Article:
7. Pack your lunch the night before. You'll have given yourself the gift of extra time in the morning while assuring that you have a healthy meal during the day. Don’t forget to pack snack items so you can avoid the vending machine if you're someone who regularly craves food in the afternoons or late morning hours.<pagebreak>

8. Cook double batches of meals. When you prepare dinner, especially on weekends, cook extra and freeze to use for another dinner or lunch. Then, you'll have a healthy meal ready to go when you are.

9. Give yourself some slack. If you are stressed out about preparing healthy meals every day, use what some experts call the "80/20" rule in your eating. If 80 percent of what you eat is healthy, then allow yourself to take it a little easier for the remaining 20 percent. You and your diet will survive.

10. Fit in exercise whenever you can. Experts recommend that adults exercise a minimum of 30 minutes three times per week. Aim for this amount, but don’t kick yourself if you can’t meet this goal. Any amount of exercise is better than none. No time to go to a gym? Build up a stock of workout videos online or printed programs – many have routines that you can complete in 20 to 40 minutes. Use hand weights or do crunches, leg lifts and lunges while watching television. Or invest in an exercise bike--you can pedal while catching up on your reading. Think of what would be most interesting to you and what best fits your schedule and budget.

11. Take a walk break during the day. Even 20 minutes can make a difference in your energy level, plus it gives you time to clear your head. If you walk with a friend or colleague, it also gives you time to socialize.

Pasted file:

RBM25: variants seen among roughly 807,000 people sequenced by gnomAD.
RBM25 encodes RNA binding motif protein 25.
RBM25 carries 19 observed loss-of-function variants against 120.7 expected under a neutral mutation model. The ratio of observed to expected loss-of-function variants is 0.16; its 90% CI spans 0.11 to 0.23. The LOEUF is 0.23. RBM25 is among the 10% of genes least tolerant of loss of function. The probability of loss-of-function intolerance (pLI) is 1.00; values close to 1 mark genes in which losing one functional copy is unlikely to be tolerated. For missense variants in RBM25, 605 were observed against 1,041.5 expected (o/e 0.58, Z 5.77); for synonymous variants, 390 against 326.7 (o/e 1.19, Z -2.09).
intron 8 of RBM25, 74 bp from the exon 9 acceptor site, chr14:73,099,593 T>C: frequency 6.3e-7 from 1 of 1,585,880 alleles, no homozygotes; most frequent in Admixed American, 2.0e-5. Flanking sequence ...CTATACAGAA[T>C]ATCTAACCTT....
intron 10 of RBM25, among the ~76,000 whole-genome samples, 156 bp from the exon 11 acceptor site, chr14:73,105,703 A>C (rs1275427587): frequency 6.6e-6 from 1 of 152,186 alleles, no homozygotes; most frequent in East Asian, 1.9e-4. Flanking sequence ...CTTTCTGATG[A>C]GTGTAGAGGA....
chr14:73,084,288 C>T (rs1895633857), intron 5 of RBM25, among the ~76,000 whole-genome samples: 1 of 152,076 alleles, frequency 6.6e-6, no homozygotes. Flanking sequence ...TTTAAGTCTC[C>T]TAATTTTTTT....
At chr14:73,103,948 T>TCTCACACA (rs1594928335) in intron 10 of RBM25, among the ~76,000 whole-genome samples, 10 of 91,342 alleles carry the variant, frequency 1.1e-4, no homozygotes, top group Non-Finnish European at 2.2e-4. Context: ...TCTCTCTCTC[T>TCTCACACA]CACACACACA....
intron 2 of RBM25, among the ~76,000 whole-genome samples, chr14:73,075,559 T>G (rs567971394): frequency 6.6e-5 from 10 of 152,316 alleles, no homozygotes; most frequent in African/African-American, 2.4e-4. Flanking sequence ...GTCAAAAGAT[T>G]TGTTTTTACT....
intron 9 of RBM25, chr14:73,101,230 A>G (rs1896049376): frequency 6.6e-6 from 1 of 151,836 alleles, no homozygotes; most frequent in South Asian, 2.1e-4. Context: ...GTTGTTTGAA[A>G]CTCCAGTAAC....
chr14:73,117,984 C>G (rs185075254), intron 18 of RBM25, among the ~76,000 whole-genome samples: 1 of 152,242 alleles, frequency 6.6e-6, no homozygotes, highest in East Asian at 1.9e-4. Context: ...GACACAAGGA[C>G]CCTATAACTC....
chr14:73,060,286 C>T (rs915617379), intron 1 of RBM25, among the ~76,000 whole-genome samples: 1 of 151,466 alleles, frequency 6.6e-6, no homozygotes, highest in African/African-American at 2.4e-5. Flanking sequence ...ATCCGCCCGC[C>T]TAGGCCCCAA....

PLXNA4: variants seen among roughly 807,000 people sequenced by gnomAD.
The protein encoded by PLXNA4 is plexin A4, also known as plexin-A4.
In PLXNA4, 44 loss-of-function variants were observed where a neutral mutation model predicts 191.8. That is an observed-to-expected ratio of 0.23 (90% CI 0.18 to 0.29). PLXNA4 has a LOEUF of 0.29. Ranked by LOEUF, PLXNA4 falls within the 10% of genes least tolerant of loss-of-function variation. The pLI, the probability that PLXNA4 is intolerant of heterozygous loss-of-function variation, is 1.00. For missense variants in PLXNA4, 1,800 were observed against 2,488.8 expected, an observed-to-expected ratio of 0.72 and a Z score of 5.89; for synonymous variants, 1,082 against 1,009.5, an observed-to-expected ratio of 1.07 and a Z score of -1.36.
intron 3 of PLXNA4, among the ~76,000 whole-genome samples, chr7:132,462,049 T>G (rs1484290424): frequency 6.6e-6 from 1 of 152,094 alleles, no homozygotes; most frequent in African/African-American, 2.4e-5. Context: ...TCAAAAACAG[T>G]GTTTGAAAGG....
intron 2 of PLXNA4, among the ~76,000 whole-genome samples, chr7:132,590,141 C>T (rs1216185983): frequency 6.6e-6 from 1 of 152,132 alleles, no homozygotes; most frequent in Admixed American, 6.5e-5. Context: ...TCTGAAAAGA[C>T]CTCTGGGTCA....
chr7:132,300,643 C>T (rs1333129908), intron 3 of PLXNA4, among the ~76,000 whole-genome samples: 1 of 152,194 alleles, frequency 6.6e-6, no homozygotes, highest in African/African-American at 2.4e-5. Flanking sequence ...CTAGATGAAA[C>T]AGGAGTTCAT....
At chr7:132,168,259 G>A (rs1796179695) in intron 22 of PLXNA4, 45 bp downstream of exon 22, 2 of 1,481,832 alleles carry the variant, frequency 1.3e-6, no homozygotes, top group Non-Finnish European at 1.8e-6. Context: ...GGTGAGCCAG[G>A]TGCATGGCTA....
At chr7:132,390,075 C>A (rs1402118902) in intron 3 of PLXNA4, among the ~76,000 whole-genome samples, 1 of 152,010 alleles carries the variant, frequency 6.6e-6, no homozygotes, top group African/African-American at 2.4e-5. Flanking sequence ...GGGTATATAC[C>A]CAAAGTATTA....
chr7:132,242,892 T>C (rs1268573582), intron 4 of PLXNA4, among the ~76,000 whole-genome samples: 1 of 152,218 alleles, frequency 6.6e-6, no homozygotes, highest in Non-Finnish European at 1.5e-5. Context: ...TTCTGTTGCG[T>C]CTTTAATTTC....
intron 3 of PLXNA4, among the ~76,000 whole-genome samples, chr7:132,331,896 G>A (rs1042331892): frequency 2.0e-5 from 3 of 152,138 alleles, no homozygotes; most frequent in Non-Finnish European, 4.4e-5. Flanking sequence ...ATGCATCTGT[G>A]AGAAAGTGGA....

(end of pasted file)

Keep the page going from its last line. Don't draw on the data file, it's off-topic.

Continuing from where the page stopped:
12. Whenever possible, walk. Increase the amount of time you can walk, versus sit or drive. It doesn’t take that much extra time to park a bit farther from the store entrance, or to make a personal visit to a colleague rather than phoning, messaging or e-mailing.

13. Get enough sleep. Even if you gain more time in your day by cutting back on sleep, you will be less effective throughout the day, as your energy level and cognitive functioning will be reduced. Insufficient sleep also makes you more susceptible to illness. By getting enough sleep, you become more efficient during the time you are awake.

Begin integrating some or all of these habits today. Make them part of your normal routine. You’ll be surprised at how little time is involved and how much better you’ll feel!

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Member Comments

Thank You...……... Report
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Thank you for the refresher. Report
Really great ideas here. Thank you for taking time out of your hectic life to write them! Report
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Thanks for jogging my memory on a lot of this. Report
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About The Author

Mary Guarino, Ph.D.
Mary Guarino, Ph.D.
Mary Guarino is a life coach who helps people evaluate and improve their lives and relationships. She holds a doctorate in lifespan developmental psychology and a coaching certificate from the Institute for Life Coaching.